Running a business is never easy, but these entrepreneurs in Hong Kong have overcome some big hurdles! Take a look at their experience.
Whether you’re a freelancer trying to create your own brand, in the middle of a career pivot, or bouncing back from a professional mistake, entrepreneurship certainly has its ups and downs – but that’s what makes the journey worthwhile! Read on as four Launchpad members share the hardest things they’ve done as business owners – and whether they’d go through them again.
Entrepreneurs reveal the hardest things they’ve done as business owners
1. Coco Alexandra Chan, Co-founder of Voltage X; Founder of Coco Alexandra Holistic Consulting
The hardest thing I’ve had to do as a business owner was to get radically honest with myself, pull the plug, and exit a relatively new business. When you start a business that you love, and you pour your heart, sweat, and tears into it and it does well – it makes you feel like a proud new parent. But life happens, priorities change, and sometimes you need to re-evaluate what is best for you and your family at that moment. For me, I had a challenging but open conversation with a business partner to part ways.
It was one of the most gut-wrenching conversations I’ve ever had as an entrepreneur, but it taught me to truly listen to my heart and let it guide me through my fear. Hard conversations may be daunting, but often, on the other side, is growth. Doors opened after I exited that business, because I had more time and space to create and pursue what was aligned with my new values and priorities. Having been through this experience, I would do it again if it meant staying true to my values and future vision.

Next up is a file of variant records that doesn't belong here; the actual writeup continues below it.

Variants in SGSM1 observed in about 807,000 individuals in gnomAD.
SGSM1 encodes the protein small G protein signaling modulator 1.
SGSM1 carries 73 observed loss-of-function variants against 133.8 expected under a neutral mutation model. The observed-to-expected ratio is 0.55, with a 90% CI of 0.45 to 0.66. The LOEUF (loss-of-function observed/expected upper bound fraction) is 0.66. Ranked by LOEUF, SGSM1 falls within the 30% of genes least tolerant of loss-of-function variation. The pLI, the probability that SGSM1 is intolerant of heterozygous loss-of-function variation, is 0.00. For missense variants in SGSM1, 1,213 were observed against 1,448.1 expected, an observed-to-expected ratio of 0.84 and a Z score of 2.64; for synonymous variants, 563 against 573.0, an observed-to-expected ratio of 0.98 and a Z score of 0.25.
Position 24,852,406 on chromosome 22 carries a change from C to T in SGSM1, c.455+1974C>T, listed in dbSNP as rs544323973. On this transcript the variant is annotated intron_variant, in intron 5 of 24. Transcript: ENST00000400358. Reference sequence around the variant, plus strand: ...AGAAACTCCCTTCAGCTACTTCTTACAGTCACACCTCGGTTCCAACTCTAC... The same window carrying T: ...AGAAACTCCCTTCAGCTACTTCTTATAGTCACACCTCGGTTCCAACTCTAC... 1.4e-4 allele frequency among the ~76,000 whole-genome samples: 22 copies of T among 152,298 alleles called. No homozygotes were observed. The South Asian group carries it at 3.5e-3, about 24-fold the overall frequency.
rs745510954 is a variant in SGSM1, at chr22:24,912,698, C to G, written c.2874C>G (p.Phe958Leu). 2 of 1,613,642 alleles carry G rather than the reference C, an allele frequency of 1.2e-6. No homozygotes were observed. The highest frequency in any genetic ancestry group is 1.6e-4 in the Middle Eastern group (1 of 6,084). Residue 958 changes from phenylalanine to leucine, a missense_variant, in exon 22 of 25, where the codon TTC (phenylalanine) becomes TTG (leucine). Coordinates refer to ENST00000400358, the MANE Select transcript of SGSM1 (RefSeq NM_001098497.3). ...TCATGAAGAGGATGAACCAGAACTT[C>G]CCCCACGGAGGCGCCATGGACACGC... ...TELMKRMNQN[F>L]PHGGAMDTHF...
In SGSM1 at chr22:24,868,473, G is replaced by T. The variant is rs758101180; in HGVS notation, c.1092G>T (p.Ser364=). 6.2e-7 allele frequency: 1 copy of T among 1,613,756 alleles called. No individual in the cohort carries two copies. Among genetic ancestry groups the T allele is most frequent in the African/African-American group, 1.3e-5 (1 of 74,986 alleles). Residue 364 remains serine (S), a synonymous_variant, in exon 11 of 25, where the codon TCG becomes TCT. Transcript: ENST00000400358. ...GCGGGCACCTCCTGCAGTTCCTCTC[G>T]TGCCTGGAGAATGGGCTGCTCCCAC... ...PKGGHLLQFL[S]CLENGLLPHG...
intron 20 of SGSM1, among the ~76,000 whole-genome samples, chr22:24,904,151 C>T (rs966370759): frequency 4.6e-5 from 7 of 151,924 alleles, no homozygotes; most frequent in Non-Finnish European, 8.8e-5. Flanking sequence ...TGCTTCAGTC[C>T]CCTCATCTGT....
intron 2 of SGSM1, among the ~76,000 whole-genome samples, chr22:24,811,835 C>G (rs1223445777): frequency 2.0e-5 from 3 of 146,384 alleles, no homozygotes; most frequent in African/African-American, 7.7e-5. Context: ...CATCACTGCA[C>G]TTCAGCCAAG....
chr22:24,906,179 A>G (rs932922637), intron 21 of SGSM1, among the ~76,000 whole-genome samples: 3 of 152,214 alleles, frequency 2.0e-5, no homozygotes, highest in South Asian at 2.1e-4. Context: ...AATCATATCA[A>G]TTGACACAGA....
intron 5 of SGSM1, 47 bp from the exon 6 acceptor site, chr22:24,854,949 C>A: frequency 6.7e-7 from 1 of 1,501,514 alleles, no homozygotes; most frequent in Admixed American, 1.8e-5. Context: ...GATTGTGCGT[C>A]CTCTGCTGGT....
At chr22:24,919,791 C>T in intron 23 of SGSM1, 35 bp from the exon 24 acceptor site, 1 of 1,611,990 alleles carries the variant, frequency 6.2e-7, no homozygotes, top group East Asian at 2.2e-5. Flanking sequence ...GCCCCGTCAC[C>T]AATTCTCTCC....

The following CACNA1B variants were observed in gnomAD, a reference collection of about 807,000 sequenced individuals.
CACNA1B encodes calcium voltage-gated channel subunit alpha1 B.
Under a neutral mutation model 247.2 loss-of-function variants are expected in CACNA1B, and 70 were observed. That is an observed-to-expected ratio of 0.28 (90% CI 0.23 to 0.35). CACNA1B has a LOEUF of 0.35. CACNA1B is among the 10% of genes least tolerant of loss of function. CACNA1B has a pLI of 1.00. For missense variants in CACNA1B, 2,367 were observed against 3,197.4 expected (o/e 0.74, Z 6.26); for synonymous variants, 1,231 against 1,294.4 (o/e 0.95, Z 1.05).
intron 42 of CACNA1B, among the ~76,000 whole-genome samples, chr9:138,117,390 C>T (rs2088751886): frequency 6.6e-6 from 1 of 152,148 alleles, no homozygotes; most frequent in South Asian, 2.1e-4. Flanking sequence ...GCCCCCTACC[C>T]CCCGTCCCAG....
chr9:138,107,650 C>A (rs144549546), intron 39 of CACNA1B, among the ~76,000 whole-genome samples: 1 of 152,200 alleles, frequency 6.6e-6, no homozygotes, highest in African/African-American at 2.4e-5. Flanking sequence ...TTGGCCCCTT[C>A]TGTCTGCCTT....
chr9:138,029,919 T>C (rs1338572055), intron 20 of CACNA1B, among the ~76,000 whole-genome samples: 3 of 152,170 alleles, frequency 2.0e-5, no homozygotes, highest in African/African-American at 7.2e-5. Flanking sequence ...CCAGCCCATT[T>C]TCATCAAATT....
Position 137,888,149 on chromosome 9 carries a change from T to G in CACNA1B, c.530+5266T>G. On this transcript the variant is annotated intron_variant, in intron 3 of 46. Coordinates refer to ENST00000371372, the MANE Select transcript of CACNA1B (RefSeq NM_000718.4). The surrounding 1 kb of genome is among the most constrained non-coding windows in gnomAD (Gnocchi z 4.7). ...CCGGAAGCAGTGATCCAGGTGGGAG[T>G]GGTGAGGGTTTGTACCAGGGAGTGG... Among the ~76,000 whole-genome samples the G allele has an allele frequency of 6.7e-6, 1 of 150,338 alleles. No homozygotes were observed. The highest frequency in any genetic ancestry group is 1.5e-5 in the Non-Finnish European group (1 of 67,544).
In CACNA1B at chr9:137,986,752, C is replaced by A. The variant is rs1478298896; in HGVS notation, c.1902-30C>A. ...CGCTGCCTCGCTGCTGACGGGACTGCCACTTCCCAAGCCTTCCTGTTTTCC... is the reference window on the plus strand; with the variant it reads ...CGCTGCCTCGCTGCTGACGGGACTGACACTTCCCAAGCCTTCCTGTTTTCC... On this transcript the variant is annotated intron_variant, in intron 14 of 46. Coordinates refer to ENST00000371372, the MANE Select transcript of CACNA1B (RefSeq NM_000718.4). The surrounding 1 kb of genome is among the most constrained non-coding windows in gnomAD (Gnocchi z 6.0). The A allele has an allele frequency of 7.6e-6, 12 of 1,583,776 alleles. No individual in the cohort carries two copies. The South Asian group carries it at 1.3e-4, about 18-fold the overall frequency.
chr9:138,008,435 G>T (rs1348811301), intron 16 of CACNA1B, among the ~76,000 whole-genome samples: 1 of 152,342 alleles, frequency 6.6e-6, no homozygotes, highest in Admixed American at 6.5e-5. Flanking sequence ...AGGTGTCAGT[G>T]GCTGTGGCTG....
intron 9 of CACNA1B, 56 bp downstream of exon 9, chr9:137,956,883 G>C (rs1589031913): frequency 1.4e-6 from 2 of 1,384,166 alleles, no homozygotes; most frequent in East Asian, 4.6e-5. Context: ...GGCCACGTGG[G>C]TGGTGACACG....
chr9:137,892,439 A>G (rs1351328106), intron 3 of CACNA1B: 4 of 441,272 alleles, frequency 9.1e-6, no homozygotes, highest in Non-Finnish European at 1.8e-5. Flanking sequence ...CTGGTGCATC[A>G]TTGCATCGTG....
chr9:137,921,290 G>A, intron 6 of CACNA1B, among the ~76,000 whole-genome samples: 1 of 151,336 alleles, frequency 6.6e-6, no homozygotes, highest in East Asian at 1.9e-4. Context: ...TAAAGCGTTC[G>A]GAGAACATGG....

2. Cristina Jaeger, Founder of HerFinancialFreedom
Having always worked in corporate jobs, foregoing the experience, stability, and opportunities provided to focus on building my passion (i.e. female financial education) has been one of the toughest things I’ve done as an entrepreneur. While working at one of the largest wealth management firms across different roles and locations, I’ve come to realise my natural inclination to bring women together, and empower them with the knowledge I gained through my decade-long experience. Before leaving my company, I was working full-time while also building my side hustle – diving deep into the world of entrepreneurship, be it marketing or hiring. But, creating and beta-testing my product had confirmed that running my business was the path for me – I had at last found my calling.
My biggest learnings from this experience is that it’s worth searching for your purpose, because it can help align your values and work. I also found working with a coach and speaking with my mentors very helpful, as they helped me find my ikigai during this tumultuous time, sparking my motivation. Despite all my struggles and challenges, I’d definitely take the leap of faith again.
3. Vannessa Misso-Veness, The Learning Coach of Cascade Train Teach Learn
Running a business solo has to be the hardest thing I’ve done as an entrepreneur. Wearing many hats when I was single is very different to being a mum-preneur. I used to have a lot more personal time when I was in Singapore, during which I could help grow the business more. (I had an education biz called EdVanz aeons ago…)
But as a mum-preneur, I can no longer be (Hans) solo! Running a business means managing everything from accounting to administrative work – and this was on top of my teaching and training, AND spending time with my family. So, learning that I can’t do everything alone, I’m now building a team and delegating work to those I trust.
4. Karrie Bitanga, Director and Founding Partner of Imagindustries Limited
Having been around for over 15 years in Hong Kong as an entrepreneur, there have been several challenges that I had to go through – all of which I’m thankful for as they’ve allowed me to grow and become more resilient.
During COVID-19 when business was tough, I thought I’d make the most out of the situation and help startups by offering all-in-one services including marketing, PR, social media, sales, distribution, and more. I found it fulfilling that I was integrated in my client’s team instead of just being a supplier. However, I had to step away from some projects, so I could focus on my own business goals and not overstretch myself. The longer I’ve been in the business, the more I’ve come to understand that I must be more discerning about what I involve myself in, given the time and emotional investment I offer. Also, I’ve learnt to prioritise me and my clients’ long-term goals more (rather than short-term revenue), and this has always served me well.